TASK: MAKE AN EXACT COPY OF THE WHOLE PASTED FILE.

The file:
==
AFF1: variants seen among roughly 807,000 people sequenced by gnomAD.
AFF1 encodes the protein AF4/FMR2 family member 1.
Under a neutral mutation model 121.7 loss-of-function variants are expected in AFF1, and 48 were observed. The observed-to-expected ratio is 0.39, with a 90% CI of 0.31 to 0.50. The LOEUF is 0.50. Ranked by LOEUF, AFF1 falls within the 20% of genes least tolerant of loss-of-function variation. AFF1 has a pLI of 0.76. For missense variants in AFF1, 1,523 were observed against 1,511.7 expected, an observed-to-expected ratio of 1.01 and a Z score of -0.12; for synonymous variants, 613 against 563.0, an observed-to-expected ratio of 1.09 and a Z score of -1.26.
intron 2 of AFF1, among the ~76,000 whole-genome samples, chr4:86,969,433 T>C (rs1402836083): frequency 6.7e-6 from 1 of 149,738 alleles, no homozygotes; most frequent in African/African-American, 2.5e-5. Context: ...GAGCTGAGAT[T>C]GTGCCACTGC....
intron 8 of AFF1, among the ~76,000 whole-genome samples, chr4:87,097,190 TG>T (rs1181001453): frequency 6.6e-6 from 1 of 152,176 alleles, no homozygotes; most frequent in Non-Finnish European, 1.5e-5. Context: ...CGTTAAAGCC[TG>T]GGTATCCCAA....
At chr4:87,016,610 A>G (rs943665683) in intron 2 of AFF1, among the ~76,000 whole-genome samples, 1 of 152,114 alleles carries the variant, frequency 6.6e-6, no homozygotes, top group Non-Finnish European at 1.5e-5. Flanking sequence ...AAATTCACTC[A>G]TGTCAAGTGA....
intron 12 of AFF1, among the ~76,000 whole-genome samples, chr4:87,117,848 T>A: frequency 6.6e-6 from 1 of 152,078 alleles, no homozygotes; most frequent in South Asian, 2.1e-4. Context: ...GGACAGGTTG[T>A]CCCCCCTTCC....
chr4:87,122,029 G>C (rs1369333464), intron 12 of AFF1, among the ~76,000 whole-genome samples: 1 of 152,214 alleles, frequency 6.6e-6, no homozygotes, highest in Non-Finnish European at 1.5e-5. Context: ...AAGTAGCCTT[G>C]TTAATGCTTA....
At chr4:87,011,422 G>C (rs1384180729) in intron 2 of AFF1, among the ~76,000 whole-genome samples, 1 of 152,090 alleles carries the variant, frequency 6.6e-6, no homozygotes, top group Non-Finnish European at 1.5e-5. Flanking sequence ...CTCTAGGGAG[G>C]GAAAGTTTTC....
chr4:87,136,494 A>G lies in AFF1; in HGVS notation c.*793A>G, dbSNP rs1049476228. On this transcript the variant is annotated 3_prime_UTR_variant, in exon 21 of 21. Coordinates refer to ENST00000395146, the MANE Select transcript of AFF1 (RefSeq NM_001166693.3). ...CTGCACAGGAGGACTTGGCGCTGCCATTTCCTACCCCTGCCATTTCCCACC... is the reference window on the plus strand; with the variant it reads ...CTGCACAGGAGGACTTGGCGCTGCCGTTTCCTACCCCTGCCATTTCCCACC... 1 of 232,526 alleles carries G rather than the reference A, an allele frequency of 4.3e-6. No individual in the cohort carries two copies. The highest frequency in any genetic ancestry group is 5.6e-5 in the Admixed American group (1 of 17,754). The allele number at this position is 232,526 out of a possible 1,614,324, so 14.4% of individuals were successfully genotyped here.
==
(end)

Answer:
AFF1: variants seen among roughly 807,000 people sequenced by gnomAD.
AFF1 encodes the protein AF4/FMR2 family member 1.
Under a neutral mutation model 121.7 loss-of-function variants are expected in AFF1, and 48 were observed. The observed-to-expected ratio is 0.39, with a 90% CI of 0.31 to 0.50. The LOEUF is 0.50. Ranked by LOEUF, AFF1 falls within the 20% of genes least tolerant of loss-of-function variation. AFF1 has a pLI of 0.76. For missense variants in AFF1, 1,523 were observed against 1,511.7 expected, an observed-to-expected ratio of 1.01 and a Z score of -0.12; for synonymous variants, 613 against 563.0, an observed-to-expected ratio of 1.09 and a Z score of -1.26.
intron 2 of AFF1, among the ~76,000 whole-genome samples, chr4:86,969,433 T>C (rs1402836083): frequency 6.7e-6 from 1 of 149,738 alleles, no homozygotes; most frequent in African/African-American, 2.5e-5. Context: ...GAGCTGAGAT[T>C]GTGCCACTGC....
intron 8 of AFF1, among the ~76,000 whole-genome samples, chr4:87,097,190 TG>T (rs1181001453): frequency 6.6e-6 from 1 of 152,176 alleles, no homozygotes; most frequent in Non-Finnish European, 1.5e-5. Context: ...CGTTAAAGCC[TG>T]GGTATCCCAA....
At chr4:87,016,610 A>G (rs943665683) in intron 2 of AFF1, among the ~76,000 whole-genome samples, 1 of 152,114 alleles carries the variant, frequency 6.6e-6, no homozygotes, top group Non-Finnish European at 1.5e-5. Flanking sequence ...AAATTCACTC[A>G]TGTCAAGTGA....
intron 12 of AFF1, among the ~76,000 whole-genome samples, chr4:87,117,848 T>A: frequency 6.6e-6 from 1 of 152,078 alleles, no homozygotes; most frequent in South Asian, 2.1e-4. Context: ...GGACAGGTTG[T>A]CCCCCCTTCC....
chr4:87,122,029 G>C (rs1369333464), intron 12 of AFF1, among the ~76,000 whole-genome samples: 1 of 152,214 alleles, frequency 6.6e-6, no homozygotes, highest in Non-Finnish European at 1.5e-5. Context: ...AAGTAGCCTT[G>C]TTAATGCTTA....
At chr4:87,011,422 G>C (rs1384180729) in intron 2 of AFF1, among the ~76,000 whole-genome samples, 1 of 152,090 alleles carries the variant, frequency 6.6e-6, no homozygotes, top group Non-Finnish European at 1.5e-5. Flanking sequence ...CTCTAGGGAG[G>C]GAAAGTTTTC....
chr4:87,136,494 A>G lies in AFF1; in HGVS notation c.*793A>G, dbSNP rs1049476228. On this transcript the variant is annotated 3_prime_UTR_variant, in exon 21 of 21. Coordinates refer to ENST00000395146, the MANE Select transcript of AFF1 (RefSeq NM_001166693.3). ...CTGCACAGGAGGACTTGGCGCTGCCATTTCCTACCCCTGCCATTTCCCACC... is the reference window on the plus strand; with the variant it reads ...CTGCACAGGAGGACTTGGCGCTGCCGTTTCCTACCCCTGCCATTTCCCACC... 1 of 232,526 alleles carries G rather than the reference A, an allele frequency of 4.3e-6. No individual in the cohort carries two copies. The highest frequency in any genetic ancestry group is 5.6e-5 in the Admixed American group (1 of 17,754). The allele number at this position is 232,526 out of a possible 1,614,324, so 14.4% of individuals were successfully genotyped here.